to fix a definition of what constitutes proportionality in any
given area, that would give rise to its own anomalies [...] I
am not sure how much further forward enshrining a proportionality
principle in law and then interpreting it would get us than we
already are." She advocated further guidelines on the use
of the EAW.
158. We note
the increasing number of European Arrest Warrant requests received
by the UK. We have serious concerns about the disproportionate
impact of extradition where it is requested for a relatively minor
offence. We urge the Government to work with the European Commission
and other Member States to implement a proportionality principle
in the Framework Decision, both for operational reasons and to
ensure that the human rights implications of extradition are not
disproportionate to the alleged crime.
159. Such a
proportionality principle should be contained within the Framework
Decision of the European Arrest Warrant and operate in a similar
way to the tests applied by the Police and the CPS before issuing
a request. We are not convinced that informal guidelines, bilateral
discussions with the authorities of other Member States or a public
interest test operated by the authorities in the requested country
would be operationally practical or successful in the long-term.
Proportionality is a well-established EU legal
principle which the Extradition Review Panel may wish to take
into account in considering the safeguards around an EAW request.
160. We were pleased to hear of the proportionality
tests applied by the CPS and the Police when the UK makes an extradition
request and the positive comments that we heard about the UK's
use of the EAW.
161. Most extradition treaties have a double or dual
criminality requirement which requires an extradition offence
to be a criminal offence in both the requested and requesting
territory. The EAW Framework Decision removes this requirement
for 32 serious offences, including murder, drugs trafficking and
purpose of this change was to simplify the decision on what is
an extraditable offence by the judge in an extradition case; for
the 32 offences listed, there is no need to consider whether this
is an extraditable offence.
162. Some witnesses have raised concerns about the
removal of the double criminality requirement. The Freedom Association
argued that it had "created a situation where laws voted
in by elected officials in the UK Parliament have become null
and void, due to the fact that UK citizens can be extradited for
something that is not a crime in the UK." It concluded that
"the European Arrest Warrant either needs to change so that
double criminality requirements and the requirement for prima
facie evidence are re-introduced or that the UK needs to remove
itself from the European Arrest Warrant system."
163. Liberty and JUSTICE also raised concerns in
relation to the definition of the offences, which Liberty described
as "extremely broad to the point of being meaningless."
This increased the risk of a person being extradited for an act
which was not an offence in the UK. Jodie Blackstock noted the
case of Toben, where an EAW request had been made for holocaust
denial, which is not a crime in the UK. This case was dismissed
on procedural grounds, leaving open the question of whether a
person could be extradited for holocaust denial.
164. Other EU Member States had addressed this issue.
Belgium introduced legislation which excluded abortion and euthanasia
from the category of "murder and grievous bodily harm".
Consequently, Belgium would not extradite a person for the act
of abortion under the definition of the offence of murder. This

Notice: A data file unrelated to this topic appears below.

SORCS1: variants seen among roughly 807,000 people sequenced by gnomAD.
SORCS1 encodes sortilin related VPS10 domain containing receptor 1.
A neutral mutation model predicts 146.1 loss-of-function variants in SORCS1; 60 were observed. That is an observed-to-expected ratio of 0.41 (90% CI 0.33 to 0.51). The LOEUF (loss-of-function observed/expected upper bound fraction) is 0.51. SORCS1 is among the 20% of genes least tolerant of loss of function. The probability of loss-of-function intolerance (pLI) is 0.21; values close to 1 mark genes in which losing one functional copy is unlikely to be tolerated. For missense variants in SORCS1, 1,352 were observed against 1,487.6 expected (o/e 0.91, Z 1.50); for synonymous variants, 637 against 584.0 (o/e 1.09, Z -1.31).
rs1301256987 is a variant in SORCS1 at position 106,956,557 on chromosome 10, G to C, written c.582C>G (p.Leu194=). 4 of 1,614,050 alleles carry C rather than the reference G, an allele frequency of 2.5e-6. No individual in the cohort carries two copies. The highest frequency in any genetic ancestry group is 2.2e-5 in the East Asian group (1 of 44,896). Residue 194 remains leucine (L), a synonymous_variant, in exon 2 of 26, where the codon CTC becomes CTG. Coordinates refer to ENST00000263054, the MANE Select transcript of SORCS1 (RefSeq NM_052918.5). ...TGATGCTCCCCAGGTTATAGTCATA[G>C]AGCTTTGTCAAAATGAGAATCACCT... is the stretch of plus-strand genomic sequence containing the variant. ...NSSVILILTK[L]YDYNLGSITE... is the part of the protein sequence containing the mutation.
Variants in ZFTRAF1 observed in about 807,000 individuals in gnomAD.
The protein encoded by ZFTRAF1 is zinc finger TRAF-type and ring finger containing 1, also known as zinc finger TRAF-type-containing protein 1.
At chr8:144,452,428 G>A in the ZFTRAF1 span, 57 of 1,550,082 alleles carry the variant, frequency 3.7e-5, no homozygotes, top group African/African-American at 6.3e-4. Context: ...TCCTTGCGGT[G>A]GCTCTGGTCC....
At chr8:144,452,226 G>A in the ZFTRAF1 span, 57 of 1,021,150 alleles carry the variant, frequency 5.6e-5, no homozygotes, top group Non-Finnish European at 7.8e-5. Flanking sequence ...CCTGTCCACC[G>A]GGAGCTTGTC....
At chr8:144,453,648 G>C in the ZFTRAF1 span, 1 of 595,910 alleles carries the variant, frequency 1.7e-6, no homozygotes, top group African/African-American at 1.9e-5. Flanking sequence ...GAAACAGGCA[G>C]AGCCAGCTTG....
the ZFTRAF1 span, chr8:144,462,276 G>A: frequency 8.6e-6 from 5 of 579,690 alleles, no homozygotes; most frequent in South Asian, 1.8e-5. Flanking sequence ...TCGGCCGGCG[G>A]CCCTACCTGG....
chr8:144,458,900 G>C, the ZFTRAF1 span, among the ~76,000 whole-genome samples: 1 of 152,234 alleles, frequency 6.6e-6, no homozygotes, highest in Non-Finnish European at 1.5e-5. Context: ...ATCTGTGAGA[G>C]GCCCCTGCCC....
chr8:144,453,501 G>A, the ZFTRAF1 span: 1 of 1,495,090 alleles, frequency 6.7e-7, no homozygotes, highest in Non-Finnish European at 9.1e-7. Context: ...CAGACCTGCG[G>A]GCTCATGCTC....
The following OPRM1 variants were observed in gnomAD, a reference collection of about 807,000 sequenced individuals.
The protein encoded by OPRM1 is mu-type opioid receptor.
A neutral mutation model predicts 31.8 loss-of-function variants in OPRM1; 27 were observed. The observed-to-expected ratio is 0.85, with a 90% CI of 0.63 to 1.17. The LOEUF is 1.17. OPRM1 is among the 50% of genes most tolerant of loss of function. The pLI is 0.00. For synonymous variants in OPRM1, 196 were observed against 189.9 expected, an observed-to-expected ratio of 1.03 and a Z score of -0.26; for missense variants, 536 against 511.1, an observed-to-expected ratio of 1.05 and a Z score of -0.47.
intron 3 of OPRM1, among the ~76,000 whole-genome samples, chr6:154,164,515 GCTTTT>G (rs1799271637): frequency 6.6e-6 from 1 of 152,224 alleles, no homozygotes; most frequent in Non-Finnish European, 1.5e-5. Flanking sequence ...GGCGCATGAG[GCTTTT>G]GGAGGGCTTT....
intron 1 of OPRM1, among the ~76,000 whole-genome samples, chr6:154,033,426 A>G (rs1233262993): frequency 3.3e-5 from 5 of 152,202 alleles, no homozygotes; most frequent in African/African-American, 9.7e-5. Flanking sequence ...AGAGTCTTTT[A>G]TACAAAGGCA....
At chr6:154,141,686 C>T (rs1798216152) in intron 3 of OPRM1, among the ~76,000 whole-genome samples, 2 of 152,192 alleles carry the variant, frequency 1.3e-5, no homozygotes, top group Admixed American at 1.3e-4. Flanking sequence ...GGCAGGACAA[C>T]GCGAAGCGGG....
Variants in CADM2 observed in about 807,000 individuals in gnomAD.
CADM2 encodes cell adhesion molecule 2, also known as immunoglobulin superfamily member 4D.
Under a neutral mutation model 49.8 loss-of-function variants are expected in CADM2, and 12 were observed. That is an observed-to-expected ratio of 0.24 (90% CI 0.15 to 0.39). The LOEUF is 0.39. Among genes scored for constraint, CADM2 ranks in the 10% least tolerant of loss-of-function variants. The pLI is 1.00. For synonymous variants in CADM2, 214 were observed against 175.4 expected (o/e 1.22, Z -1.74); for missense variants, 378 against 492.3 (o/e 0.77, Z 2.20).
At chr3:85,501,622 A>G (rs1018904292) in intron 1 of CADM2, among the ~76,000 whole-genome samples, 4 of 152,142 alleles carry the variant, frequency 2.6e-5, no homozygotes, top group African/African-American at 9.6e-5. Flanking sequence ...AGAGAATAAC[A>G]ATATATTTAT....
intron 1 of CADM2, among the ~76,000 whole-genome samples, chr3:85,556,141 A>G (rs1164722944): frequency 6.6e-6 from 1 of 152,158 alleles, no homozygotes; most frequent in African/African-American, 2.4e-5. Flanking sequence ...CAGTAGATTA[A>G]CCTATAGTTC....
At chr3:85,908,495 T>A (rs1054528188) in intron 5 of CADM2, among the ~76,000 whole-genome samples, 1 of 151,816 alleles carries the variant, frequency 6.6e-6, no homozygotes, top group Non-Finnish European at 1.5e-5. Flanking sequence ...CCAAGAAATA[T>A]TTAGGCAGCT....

was, however, criticised by the European Commission in its review
of the implementation of the European Arrest Warrant.
Liberty commented that the Extradition Act could be amended to
ensure that the UK "would reserve the right whether or not
to recognise an extradition warrant on the basis that a warrant
will only be issued both where there is a clear offence [...]
and that this conduct would also constitute an offence under British
165. The exclusion of the 32 offences from the double
criminality requirement raises some difficult questions. The
Government and the Extradition Review may wish to review the list
of 32 offences for which double criminality is not considered,
with a view to whether certain conduct should be excluded from
the definitions of these offences. We recognise, however, that
the Framework Decision expressly excludes double criminality as
a reason for denying the execution of an EAW. We recommend that
this principle be dealt with as part of the renegotiation of the
Other concerns relating to the
European arrest warrant
166. Several other concerns about the operation of
the European Arrest Warrant in practice were raised including
using the Warrant for the purpose of investigation, the non-removal
of EAW requests and cases of mistaken identity.
USE OF THE EUROPEAN ARREST WARRANT
FOR PURPOSES OF INVESTIGATION
167. Mr Michael Turner reported that he had been
extradited to Hungary and not charged: "after spending some
time in prison, I was interviewed once with the police."
Mr Turner was later released with no charge being brought.
Mr Frank Symeou, father of Mr Andrew Symeou, argued that in many
cases "the EAW is used as a summons for questioning."
Even where a request is for prosecution and not investigation,
those surrendered under the EAW can spend several months in jail
before their trial.
168. The then Minister confirmed that an EAW should
not be used for the purposes of investigation. She told us that
a Member State "cannot just have a fishing expedition."
As it does appear that requests are being made merely for the
purposes of investigation, we
urge the Government to ensure that other Member States do not
use the European Arrest Warrant for purposes of investigation,
if necessary by amendment to the Framework Decision. We recommend
that, where there are doubts as to the stage of proceedings reached
in the requesting state, the facility for further information
provided by the Framework Decision and the Extradition Act 2003
should be used. The requesting state should be asked to provide
information on the indictment process under their national law,